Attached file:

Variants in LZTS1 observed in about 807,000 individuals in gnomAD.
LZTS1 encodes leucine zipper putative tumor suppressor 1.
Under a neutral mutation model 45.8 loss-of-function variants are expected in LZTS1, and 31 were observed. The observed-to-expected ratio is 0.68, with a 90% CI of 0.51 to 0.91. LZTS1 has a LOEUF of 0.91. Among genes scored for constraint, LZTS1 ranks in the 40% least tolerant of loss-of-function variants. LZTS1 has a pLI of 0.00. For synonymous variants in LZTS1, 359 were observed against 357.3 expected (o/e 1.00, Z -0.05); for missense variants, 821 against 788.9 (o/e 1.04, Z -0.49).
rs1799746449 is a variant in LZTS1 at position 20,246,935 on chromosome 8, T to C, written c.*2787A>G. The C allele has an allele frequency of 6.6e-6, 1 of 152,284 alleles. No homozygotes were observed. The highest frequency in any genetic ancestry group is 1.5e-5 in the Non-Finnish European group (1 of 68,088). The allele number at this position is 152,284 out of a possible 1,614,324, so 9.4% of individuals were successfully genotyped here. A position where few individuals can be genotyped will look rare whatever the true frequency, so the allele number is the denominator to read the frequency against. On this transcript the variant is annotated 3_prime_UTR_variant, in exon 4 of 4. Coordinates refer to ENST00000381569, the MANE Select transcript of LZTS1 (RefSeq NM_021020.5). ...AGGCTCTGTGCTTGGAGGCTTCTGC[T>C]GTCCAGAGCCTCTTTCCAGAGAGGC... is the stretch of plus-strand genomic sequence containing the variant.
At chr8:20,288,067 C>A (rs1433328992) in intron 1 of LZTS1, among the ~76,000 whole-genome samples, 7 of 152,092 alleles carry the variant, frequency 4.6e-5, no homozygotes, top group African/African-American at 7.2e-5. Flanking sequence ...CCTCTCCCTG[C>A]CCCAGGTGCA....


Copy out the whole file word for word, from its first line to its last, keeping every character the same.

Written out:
Variants in LZTS1 observed in about 807,000 individuals in gnomAD.
LZTS1 encodes leucine zipper putative tumor suppressor 1.
Under a neutral mutation model 45.8 loss-of-function variants are expected in LZTS1, and 31 were observed. The observed-to-expected ratio is 0.68, with a 90% CI of 0.51 to 0.91. LZTS1 has a LOEUF of 0.91. Among genes scored for constraint, LZTS1 ranks in the 40% least tolerant of loss-of-function variants. LZTS1 has a pLI of 0.00. For synonymous variants in LZTS1, 359 were observed against 357.3 expected (o/e 1.00, Z -0.05); for missense variants, 821 against 788.9 (o/e 1.04, Z -0.49).
rs1799746449 is a variant in LZTS1 at position 20,246,935 on chromosome 8, T to C, written c.*2787A>G. The C allele has an allele frequency of 6.6e-6, 1 of 152,284 alleles. No homozygotes were observed. The highest frequency in any genetic ancestry group is 1.5e-5 in the Non-Finnish European group (1 of 68,088). The allele number at this position is 152,284 out of a possible 1,614,324, so 9.4% of individuals were successfully genotyped here. A position where few individuals can be genotyped will look rare whatever the true frequency, so the allele number is the denominator to read the frequency against. On this transcript the variant is annotated 3_prime_UTR_variant, in exon 4 of 4. Coordinates refer to ENST00000381569, the MANE Select transcript of LZTS1 (RefSeq NM_021020.5). ...AGGCTCTGTGCTTGGAGGCTTCTGC[T>C]GTCCAGAGCCTCTTTCCAGAGAGGC... is the stretch of plus-strand genomic sequence containing the variant.
At chr8:20,288,067 C>A (rs1433328992) in intron 1 of LZTS1, among the ~76,000 whole-genome samples, 7 of 152,092 alleles carry the variant, frequency 4.6e-5, no homozygotes, top group African/African-American at 7.2e-5. Flanking sequence ...CCTCTCCCTG[C>A]CCCAGGTGCA....